Even more important for Customer Satisfaction surveys, where a lack of open-ended questions can be a real disadvantage as people may get a negative feeling for your brand because they were not given the chance to say something they wanted to.
If you have given your customers the chance to provide feedback, it is useful to ask a follow up question to ascertain if the customer would like to be contacted. Provided you have the resources to do so in a timely way, this can bring back positive sentiment to a previously unhappy customer and enables you to rectify the effects of poor service or other issues faced.
Just because we collect verbatim, free form text answers in an open-ended question, doesn’t mean you can’t analyse them effectively. The benefit of including open-ended questions in your quantitative survey results is getting the best of both worlds. Once coded into the topics and sentiment
covered in the open-ended answers, using a coding tool such as codeit, you can produce analysis by key demographics and pull out specific verbatim answers to illustrate those statistically robust findings.
As well as these ten benefits of open-ended questions, there are a few disadvantages to consider. Bear these in mind when planning your surveys to ensure you get the balance right between the pros and cons of open-ended questions.
It takes time to field, code and analyse the resultsOpen ended questions take more time to answer and need to be coded before you can see the results, but whilst the coding process initially involves human coders looking at answers and applying ‘codes’, it is also possible to become more efficient over time with the use of machine learning and AI tools, incorporated in dedicated coding platforms such as codeit.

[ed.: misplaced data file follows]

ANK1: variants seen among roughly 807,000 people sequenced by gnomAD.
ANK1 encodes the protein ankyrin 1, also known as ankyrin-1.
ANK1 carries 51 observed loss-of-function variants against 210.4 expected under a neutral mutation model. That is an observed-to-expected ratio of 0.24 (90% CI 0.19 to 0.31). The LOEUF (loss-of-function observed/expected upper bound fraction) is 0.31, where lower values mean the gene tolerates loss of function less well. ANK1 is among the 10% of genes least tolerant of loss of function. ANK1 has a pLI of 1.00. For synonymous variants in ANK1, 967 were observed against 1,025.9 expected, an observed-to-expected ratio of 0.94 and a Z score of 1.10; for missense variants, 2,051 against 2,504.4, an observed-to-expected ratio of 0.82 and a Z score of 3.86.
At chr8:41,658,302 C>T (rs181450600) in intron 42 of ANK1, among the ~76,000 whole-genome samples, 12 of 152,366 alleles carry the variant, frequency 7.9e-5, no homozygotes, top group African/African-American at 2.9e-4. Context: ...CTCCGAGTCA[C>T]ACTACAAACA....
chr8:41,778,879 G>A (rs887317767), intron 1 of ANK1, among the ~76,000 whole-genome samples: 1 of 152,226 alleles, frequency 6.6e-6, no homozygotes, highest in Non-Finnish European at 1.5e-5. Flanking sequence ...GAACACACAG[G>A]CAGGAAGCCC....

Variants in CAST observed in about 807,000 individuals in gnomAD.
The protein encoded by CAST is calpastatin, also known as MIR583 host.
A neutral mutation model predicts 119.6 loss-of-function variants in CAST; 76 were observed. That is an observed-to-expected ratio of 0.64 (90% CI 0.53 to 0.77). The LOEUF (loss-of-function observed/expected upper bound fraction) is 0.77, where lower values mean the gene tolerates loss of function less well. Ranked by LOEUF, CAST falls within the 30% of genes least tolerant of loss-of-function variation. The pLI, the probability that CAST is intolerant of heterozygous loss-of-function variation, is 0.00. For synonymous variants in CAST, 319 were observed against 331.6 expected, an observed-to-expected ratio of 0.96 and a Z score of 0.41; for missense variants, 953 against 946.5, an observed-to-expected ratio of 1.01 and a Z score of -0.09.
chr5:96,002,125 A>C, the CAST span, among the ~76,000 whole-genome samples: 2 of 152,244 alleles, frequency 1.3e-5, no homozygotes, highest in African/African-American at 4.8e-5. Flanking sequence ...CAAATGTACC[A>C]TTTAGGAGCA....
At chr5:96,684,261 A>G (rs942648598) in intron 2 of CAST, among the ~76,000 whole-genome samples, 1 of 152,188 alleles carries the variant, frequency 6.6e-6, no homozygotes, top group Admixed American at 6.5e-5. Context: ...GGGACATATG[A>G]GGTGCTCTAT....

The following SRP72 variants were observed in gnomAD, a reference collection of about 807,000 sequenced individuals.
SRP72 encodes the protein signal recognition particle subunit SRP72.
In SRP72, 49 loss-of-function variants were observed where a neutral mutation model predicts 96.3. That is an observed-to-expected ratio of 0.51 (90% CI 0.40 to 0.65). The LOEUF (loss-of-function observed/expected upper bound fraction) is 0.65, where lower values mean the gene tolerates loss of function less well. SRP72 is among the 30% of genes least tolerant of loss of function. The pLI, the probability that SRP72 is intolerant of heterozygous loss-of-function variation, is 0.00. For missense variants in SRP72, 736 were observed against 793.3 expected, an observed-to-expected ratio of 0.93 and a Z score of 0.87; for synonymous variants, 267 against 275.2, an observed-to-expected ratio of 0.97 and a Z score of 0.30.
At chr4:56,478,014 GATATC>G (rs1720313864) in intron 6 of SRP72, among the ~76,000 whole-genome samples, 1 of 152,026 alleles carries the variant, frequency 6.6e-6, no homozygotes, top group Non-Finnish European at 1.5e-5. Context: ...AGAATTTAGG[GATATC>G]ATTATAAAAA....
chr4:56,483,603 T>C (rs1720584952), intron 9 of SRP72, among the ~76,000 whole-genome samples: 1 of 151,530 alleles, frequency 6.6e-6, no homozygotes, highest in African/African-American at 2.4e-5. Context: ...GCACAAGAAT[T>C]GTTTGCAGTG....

Fieldwork and analysis costs will be higherThe bottom line is it’s cheaper to field a closed end question vs. fielding and coding an open-ended response. But given what we’ve said here, it’s short-sighted to miss out on the advantages of using open ended questions.
You will get polarised answers, with less in the middleThose who have had a particularly positive or negative experience will have more to say than those in the middle, but in reality it’s those answers that will help drive your business decisions in the right direction.
It’s more difficult to process and interpret your open-ended dataScale questions and straightforward answers are easy to analyse, giving you statistically significant results with the right sample sizes, even within a few hours of launching your survey. Coding takes skill and can be fiddly to undertake, unless you have a dedicated coding platform such as codeit.
Despite all the benefits of open-ended questions, given there are disadvantages, should you include open-ended questions in your survey? The answer is of course yes. Here’s a few helpful points to help you set the balance right for both your survey and your respondents, and end up with a data set that fulfils your business questions.
Once you’ve weighed up the benefits and disadvantages of open-ended questions and fielded your survey, codeit offers a 30 day free trial to help you start coding and analysing your open-ended question data.